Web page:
From the first poem, “Ode to Federico García Lorca,” to the last, “Soul” (an ode to Greg Louganis structured as a ghazal, a form Lorca made his own), the political intent of this collection is clear. In Self-Portrait Embracing a Fabulous Beast (Frontenac House, 2023), Nason returns to the concerns and motifs that drive his entire oeuvre: class, love, sensuality, and loss; an intimate awareness of the beauty and tenderness of the male body, and a careful reading of works of art and literature. Death and loss feature prominently (as it has in some of his previous writing), but there is a sense of acceptance in these poems that comes from deep within, and that feels fresh.
This is a mature collection that deserves to be read slowly, allowing time to savour lines from almost every poem. Nason’s lines are taught, loaded. He regulates the pace of each line with careful punctuation and precise word choices, building to inevitable endings. The intimacy in the Honey and Salt section took my breath away. I sensed a poet in tune with their body and with a wonderful ability to transform the erotic into art. When Nason writes about people like Miss Rose (“Flowers for Miss Rose”) and Greg Louganis (“Soul”), he is at his best. These poems are deeply personal yet vibrate with wider political energy. He cares about these people and the inspiration they have provided to him and many others.
Read Self-Portrait Embracing a Fabulous Beast slowly and stay alert: there are lines reminiscent of Dylan Thomas; Rilke and Lorca surface in the way images are structured and often in the forms he casts the poems in. Images call up artworks old and new. Many of the poems are set indoors, but always with a window into the outside world, or contain a reflective surface that casts the gaze back on the subject, and the reader. This book was a joy to read and to engage with.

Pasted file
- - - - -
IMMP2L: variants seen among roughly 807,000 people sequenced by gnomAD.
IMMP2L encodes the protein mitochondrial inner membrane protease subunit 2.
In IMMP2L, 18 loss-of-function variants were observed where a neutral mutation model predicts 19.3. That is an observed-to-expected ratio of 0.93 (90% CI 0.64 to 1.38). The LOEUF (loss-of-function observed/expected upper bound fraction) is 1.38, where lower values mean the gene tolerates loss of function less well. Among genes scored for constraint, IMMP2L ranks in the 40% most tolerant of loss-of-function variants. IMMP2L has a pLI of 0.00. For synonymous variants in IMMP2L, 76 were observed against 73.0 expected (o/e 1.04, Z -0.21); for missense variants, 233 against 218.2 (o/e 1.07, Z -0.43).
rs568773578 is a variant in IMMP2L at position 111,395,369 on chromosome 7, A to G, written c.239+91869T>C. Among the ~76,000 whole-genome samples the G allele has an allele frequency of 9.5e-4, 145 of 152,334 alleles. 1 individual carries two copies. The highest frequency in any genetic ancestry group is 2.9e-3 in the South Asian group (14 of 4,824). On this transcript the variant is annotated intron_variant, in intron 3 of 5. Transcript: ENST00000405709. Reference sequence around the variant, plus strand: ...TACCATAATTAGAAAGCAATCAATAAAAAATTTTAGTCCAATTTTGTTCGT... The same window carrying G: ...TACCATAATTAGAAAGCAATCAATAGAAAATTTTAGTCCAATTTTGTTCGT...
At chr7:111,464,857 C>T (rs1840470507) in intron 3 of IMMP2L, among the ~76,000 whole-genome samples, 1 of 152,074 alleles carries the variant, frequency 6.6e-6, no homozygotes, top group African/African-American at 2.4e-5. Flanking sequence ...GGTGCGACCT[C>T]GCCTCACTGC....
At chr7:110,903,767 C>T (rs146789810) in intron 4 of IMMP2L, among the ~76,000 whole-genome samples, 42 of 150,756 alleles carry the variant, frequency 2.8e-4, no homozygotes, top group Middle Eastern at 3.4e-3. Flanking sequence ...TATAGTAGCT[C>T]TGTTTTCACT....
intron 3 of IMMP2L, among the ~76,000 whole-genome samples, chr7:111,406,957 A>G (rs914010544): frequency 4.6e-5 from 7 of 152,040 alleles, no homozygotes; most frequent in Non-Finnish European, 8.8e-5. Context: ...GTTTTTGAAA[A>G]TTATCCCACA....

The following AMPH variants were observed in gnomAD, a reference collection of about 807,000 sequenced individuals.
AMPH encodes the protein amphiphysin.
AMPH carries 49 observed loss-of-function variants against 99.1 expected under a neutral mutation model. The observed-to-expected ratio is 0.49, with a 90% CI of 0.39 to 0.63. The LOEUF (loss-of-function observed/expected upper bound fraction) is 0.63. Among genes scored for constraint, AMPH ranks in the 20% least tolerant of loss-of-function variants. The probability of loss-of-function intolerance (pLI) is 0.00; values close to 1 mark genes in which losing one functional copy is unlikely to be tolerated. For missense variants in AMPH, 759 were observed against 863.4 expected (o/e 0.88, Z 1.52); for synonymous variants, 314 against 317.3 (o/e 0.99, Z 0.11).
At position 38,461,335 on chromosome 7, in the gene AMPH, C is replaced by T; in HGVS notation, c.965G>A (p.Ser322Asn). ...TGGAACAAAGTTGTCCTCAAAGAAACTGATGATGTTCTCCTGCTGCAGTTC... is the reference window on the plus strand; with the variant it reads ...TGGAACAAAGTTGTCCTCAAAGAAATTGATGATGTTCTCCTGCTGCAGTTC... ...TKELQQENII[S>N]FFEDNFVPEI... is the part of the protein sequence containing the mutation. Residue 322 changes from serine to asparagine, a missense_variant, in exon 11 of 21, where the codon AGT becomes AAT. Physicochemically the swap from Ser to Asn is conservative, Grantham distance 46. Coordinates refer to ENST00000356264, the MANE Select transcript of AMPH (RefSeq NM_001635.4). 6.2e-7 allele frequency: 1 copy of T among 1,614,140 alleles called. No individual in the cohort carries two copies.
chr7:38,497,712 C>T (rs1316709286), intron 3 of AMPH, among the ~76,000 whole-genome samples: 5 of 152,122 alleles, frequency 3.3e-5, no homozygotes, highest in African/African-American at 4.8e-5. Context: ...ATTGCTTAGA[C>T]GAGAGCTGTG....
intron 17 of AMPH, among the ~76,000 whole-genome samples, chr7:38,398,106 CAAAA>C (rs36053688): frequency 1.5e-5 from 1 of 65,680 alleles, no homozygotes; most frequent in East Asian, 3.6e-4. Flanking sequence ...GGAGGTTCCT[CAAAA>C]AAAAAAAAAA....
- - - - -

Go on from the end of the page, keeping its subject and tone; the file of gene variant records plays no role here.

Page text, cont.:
About the Author
Jim Nason is the author of seven previous volumes of poetry, a short story collection, and three novels. He has been a finalist for the CBC Literary Award in both the fiction and poetry categories. His poetry book Rooster, Dog, Crow was Shortlisted for the 2019 Raymond Souster Award, and his poems have been included in anthologies across Canada, including The Best Canadian Poetry in English 2008, 2010, and 2014.
- ISBN: 9781989466513
- Page count: 80
- Publisher: Frontenac House, 2023
Peter Midgley is a bilingual writer and editor from Edmonton. Over the course of thirty years, he has worked as a freelance editor, festival director, university lecturer, managing editor, acquisitions editor, clerk of court, bartender, actor, janitor, and door-to-door salesman. This experience has given him enough material for more than a dozen books. His latest book, let us not think of them as barbarians (NeWest Press), was shortlisted for the Stephan G. Stephansson Award in 2019.